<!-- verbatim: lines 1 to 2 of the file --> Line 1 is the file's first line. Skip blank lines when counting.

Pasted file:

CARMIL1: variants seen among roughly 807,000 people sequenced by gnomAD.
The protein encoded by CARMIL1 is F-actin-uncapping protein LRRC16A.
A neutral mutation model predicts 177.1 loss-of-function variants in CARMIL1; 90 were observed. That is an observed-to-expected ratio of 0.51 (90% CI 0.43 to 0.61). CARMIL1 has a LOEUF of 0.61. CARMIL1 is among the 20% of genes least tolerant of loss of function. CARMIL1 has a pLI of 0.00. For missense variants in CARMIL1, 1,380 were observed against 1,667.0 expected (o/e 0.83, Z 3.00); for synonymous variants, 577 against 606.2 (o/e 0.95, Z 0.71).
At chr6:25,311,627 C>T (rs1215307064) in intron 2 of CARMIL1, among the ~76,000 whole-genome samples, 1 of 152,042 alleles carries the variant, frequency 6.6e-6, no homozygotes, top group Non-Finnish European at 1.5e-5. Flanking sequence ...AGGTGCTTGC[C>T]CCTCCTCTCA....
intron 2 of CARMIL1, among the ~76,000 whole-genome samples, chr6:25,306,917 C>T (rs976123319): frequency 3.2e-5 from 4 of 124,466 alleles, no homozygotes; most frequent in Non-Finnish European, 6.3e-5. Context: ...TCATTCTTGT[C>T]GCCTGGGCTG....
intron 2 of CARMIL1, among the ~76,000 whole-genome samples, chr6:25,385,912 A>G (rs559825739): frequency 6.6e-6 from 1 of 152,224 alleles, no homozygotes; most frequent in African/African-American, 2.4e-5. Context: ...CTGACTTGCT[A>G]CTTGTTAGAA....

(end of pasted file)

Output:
CARMIL1: variants seen among roughly 807,000 people sequenced by gnomAD.
The protein encoded by CARMIL1 is F-actin-uncapping protein LRRC16A.